Scientists OK Gore’s movie for accuracy

The former vice president’s movie — replete with the prospect of a flooded New York City, an inundated Florida, more and nastier hurricanes, worsening droughts, retreating glaciers and disappearing ice sheets — mostly got the science right, said all 19 climate scientists who had seen the movie or read the book and answered questions from The Associated Press.

The AP contacted more than 100 top climate researchers by e-mail and phone for their opinion. Among those contacted were vocal skeptics of climate change theory. Most scientists had not seen the movie, which is in limited release, or read the book.

But those who have seen it had the same general impression: Gore conveyed the science correctly; the world is getting hotter and it is a manmade catastrophe-in-the-making caused by the burning of fossil fuels. —Seth BorensteinScientists OK Gore’s movie for accuracy (LA Daily News)

But the US Senate Committee on Environment and Public Works released a statement that said,

The June 27, 2006 Associated Press (AP) article titled “Scientists OK Gore’s Movie for Accuracy” by Seth Borenstein raises some serious questions about AP’s bias and methodology.

AP chose to ignore the scores of scientists who have harshly criticized the science presented in former Vice President Al Gore’s movie “An Inconvenient Truth.”

In the interest of full disclosure, the AP should release the names of the “more than 100 top climate researchers” they attempted to contact to review “An Inconvenient Truth.” AP should also name all 19 scientists who gave Gore “five stars for accuracy.” AP claims 19 scientists viewed Gore’s movie, but it only quotes five of them in its article. AP should also release the names of the so-called scientific “skeptics” they claim to have contacted.

If a reporter called up 100 scientists to ask them whether they had seen the latest Jim Carrey movie, there’s a good chance that those scientists who were fans of Jim Carrey would be among the first to see that movie. Just imagine a headline that uses the same numbers: “Four out of five scientists surveyed ignored Gore movie” or “Survey: 19% of Scientists Support Gore’s Doomsday Flick.”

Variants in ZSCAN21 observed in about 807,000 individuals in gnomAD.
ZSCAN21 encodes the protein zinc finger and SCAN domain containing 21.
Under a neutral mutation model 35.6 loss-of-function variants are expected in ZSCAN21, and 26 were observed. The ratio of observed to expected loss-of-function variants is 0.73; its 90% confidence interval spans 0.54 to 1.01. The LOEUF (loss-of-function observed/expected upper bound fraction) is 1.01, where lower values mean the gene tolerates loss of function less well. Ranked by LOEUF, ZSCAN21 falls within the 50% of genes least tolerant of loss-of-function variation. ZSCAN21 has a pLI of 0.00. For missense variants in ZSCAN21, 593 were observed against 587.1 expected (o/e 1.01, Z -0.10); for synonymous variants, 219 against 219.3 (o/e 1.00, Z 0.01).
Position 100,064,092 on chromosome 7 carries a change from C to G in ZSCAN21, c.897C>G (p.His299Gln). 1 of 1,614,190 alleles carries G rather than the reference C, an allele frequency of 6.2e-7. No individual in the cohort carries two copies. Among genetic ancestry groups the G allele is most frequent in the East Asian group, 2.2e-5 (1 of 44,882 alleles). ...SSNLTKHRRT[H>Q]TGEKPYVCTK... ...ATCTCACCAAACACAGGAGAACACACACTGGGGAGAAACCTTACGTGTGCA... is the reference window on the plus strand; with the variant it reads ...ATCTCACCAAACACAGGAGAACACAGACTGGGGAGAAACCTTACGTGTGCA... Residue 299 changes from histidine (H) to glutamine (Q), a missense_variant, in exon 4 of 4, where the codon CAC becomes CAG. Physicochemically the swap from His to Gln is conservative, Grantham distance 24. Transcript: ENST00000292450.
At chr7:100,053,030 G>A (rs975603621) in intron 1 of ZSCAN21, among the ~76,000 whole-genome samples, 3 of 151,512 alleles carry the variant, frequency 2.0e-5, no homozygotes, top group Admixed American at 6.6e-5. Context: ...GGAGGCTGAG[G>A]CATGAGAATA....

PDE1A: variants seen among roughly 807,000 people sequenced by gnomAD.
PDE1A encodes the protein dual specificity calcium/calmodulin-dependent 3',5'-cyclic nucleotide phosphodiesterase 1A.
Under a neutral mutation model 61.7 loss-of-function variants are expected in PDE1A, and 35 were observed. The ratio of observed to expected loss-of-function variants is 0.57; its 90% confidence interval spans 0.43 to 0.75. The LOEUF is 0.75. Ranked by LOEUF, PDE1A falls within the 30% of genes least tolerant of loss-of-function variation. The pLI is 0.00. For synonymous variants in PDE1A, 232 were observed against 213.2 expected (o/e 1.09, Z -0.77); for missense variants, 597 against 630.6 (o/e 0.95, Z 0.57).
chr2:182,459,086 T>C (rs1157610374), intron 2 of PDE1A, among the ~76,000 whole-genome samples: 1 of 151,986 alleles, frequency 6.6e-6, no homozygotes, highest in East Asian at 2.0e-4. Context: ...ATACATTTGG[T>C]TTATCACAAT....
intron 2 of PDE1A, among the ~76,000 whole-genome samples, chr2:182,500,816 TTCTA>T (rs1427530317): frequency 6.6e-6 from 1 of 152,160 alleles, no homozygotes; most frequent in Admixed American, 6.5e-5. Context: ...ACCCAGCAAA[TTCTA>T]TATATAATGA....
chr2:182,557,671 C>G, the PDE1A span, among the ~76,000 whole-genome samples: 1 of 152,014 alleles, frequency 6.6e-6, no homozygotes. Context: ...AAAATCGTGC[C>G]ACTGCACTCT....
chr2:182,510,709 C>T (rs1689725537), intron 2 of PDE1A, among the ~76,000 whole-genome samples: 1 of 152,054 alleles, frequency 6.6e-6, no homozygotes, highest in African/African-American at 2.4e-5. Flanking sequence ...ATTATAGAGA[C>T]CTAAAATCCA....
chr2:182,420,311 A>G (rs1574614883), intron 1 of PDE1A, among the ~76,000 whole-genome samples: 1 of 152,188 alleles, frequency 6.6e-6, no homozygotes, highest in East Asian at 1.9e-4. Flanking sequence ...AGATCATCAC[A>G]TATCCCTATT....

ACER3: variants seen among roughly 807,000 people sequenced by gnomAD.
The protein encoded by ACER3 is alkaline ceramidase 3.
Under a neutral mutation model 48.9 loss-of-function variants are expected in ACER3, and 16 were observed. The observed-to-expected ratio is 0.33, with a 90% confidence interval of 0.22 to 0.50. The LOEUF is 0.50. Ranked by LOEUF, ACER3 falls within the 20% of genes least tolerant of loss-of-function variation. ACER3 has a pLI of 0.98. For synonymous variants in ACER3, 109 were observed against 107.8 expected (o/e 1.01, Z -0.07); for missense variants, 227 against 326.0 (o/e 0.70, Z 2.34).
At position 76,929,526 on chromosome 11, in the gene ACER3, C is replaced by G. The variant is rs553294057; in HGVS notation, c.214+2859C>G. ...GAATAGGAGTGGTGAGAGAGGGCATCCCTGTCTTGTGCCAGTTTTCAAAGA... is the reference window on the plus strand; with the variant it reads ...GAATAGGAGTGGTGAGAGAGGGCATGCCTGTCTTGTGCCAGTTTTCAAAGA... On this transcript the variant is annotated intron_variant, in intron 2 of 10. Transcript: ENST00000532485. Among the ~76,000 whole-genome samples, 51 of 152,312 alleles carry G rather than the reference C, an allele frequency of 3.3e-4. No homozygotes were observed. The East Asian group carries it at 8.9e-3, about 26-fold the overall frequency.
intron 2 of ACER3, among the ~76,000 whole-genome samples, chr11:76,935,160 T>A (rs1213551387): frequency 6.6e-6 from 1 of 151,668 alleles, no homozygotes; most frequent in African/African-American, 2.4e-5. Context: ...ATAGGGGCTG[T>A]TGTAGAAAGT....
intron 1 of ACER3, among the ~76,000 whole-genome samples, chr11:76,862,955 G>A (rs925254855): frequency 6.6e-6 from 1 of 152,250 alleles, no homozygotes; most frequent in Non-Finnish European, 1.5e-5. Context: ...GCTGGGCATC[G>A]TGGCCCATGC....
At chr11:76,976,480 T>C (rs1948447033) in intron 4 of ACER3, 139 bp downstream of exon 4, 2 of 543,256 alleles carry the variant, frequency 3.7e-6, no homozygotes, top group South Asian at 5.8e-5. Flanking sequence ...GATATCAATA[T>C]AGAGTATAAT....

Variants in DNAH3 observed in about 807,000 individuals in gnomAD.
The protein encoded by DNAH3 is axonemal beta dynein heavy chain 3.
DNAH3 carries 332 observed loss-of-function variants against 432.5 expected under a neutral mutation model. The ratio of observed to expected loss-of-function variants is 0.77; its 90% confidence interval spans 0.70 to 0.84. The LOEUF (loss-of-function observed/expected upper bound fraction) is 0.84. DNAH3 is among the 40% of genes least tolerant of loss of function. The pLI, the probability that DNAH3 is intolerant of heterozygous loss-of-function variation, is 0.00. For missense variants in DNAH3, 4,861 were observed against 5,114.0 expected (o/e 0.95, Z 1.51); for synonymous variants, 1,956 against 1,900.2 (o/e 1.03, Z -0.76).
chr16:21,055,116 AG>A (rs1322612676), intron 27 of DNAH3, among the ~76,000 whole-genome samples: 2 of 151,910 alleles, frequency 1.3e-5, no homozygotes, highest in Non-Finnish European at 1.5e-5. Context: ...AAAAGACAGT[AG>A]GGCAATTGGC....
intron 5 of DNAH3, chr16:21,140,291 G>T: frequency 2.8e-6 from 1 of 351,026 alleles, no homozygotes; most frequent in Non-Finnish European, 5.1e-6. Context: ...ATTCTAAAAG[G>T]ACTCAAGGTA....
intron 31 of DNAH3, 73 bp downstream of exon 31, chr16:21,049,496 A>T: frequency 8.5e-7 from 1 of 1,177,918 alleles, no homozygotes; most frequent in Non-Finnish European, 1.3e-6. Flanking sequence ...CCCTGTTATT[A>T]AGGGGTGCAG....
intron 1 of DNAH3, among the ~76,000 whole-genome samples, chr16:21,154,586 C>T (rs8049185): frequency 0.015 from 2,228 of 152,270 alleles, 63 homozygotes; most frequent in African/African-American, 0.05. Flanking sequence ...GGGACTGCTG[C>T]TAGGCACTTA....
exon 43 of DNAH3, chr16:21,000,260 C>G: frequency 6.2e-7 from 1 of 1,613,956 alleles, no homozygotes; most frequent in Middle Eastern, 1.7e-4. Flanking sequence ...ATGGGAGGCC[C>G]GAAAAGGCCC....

Protecting the environment is important, but can we do it without the alarmist and armageddonist factoids?

2 thoughts on “Scientists OK Gore’s movie for accuracy

  1. Evan, you might be begging the question a bit. I haven’t seen the movie, and I’m not a scientist, so I can’t offer an opinion about whether this movie is accurate.

    But the article might simply prove nothing other than that people who agree with Gore’s opinions are more likely to see Gore’s film or read Gore’s book. (In fact, the article includes a paragraph that pretty much states Bush’s allies won’t bother to see the film.)

    Gore’s movie is certainly likely to be an accurate portrayal of the scientific evidence in favor of the global warming doomsday scenario. But Gore and other environmentalists have defended exaggeration and emphasis on doom and gloom, in order to promote change. A journalist’s job is to find the truth, not turn a blind eye to exaggeration or hyperbole — whether in a public relelations press release of a huge industrial corporation, or in the popular culture produced by environmentalists.

    Some time ago [like 15 years ago], I interviewed a University of Virginia scientist, though I can’t for the life of me remember why. I remember him mocking a coal company’s comic book, produced in a clumsy attempt to get kids to think of the coal industry as fun and harmless. Anyway, I couldn’t remember his name, but I think I found him through Google: Patrick J. Michaels. He’s been an outspoken critic of exaggeration and selective reporting where environmental issues are concerned. (See Michaels’s review of Gore’s movie.)

    Full disclosure… I’ve blogged about the global warming doomsday scenario before, as well as the population bomb scenario, and after following those issues I’m something of a skeptical agnostic when it comes to doomsday scenarios.

    Smoking is a good example, Evan, of evidence finally triumphing after decades of legal wrangling on behalf of the tobacco companies who didn’t want their livelihoods threatened. But consider what would happen if Washington were to act on the current fears about MySpace predators — the result would be significant restrictions on freedom of speech on the internet. The same goes for what would happen if Washington acted on what the public has been told about video games.

  2. This is one of the issues that I don’t like about both Democrat and Republican. Look at how they play on our fears. Even independant centrists create a culture of fear–fear to go beyond the confines and limits of the political center.

    Many people have debated the smoking issue for the same “alarmist and armageddonist” issues. Does that mean the Surgeon General is against all reason?

    From my perspective, the issue is not about whether the methodology is hurtful. Is Al Gore a scientist? No. But, if an article uses poor methodology, but his movie uses sound methodology, does the article take away any of the truth value of the movie? The issue is that bureaucrats of Washington are reluctant to do anything about a pervasive concern that scientists have expressed, for what I see as the fear for the stability of the economy.

    What could it hurt for Washington to step in, like it did with smoking, and turn the tides of destructive industrial practices?

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